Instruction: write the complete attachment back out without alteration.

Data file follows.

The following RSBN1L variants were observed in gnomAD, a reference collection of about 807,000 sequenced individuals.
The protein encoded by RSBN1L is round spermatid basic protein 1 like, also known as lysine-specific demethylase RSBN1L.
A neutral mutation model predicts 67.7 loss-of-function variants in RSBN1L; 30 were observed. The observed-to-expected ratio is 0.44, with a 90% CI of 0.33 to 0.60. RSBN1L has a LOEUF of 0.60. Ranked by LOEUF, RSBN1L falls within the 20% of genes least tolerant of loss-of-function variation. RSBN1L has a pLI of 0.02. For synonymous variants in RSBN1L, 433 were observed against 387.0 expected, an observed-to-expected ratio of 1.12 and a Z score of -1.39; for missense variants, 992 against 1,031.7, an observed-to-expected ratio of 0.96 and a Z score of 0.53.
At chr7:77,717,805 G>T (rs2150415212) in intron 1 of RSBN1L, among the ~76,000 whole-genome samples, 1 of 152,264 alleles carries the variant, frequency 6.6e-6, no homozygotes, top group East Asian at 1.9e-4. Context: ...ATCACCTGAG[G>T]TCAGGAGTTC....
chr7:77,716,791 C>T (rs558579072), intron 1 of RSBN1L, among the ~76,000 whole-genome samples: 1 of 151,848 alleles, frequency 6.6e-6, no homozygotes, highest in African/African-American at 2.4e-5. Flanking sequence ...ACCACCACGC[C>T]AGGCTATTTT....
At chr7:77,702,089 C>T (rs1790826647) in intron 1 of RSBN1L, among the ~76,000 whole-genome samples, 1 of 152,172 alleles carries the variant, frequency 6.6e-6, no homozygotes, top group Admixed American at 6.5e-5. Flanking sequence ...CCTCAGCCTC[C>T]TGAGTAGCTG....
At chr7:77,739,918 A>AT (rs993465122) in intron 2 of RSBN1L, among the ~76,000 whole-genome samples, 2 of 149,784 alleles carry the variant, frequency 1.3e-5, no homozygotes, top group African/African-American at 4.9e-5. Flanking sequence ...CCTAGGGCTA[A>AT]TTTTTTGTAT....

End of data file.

The following RSBN1L variants were observed in gnomAD, a reference collection of about 807,000 sequenced individuals.
The protein encoded by RSBN1L is round spermatid basic protein 1 like, also known as lysine-specific demethylase RSBN1L.
A neutral mutation model predicts 67.7 loss-of-function variants in RSBN1L; 30 were observed. The observed-to-expected ratio is 0.44, with a 90% CI of 0.33 to 0.60. RSBN1L has a LOEUF of 0.60. Ranked by LOEUF, RSBN1L falls within the 20% of genes least tolerant of loss-of-function variation. RSBN1L has a pLI of 0.02. For synonymous variants in RSBN1L, 433 were observed against 387.0 expected, an observed-to-expected ratio of 1.12 and a Z score of -1.39; for missense variants, 992 against 1,031.7, an observed-to-expected ratio of 0.96 and a Z score of 0.53.
At chr7:77,717,805 G>T (rs2150415212) in intron 1 of RSBN1L, among the ~76,000 whole-genome samples, 1 of 152,264 alleles carries the variant, frequency 6.6e-6, no homozygotes, top group East Asian at 1.9e-4. Context: ...ATCACCTGAG[G>T]TCAGGAGTTC....
chr7:77,716,791 C>T (rs558579072), intron 1 of RSBN1L, among the ~76,000 whole-genome samples: 1 of 151,848 alleles, frequency 6.6e-6, no homozygotes, highest in African/African-American at 2.4e-5. Flanking sequence ...ACCACCACGC[C>T]AGGCTATTTT....
At chr7:77,702,089 C>T (rs1790826647) in intron 1 of RSBN1L, among the ~76,000 whole-genome samples, 1 of 152,172 alleles carries the variant, frequency 6.6e-6, no homozygotes, top group Admixed American at 6.5e-5. Flanking sequence ...CCTCAGCCTC[C>T]TGAGTAGCTG....
At chr7:77,739,918 A>AT (rs993465122) in intron 2 of RSBN1L, among the ~76,000 whole-genome samples, 2 of 149,784 alleles carry the variant, frequency 1.3e-5, no homozygotes, top group African/African-American at 4.9e-5. Flanking sequence ...CCTAGGGCTA[A>AT]TTTTTTGTAT....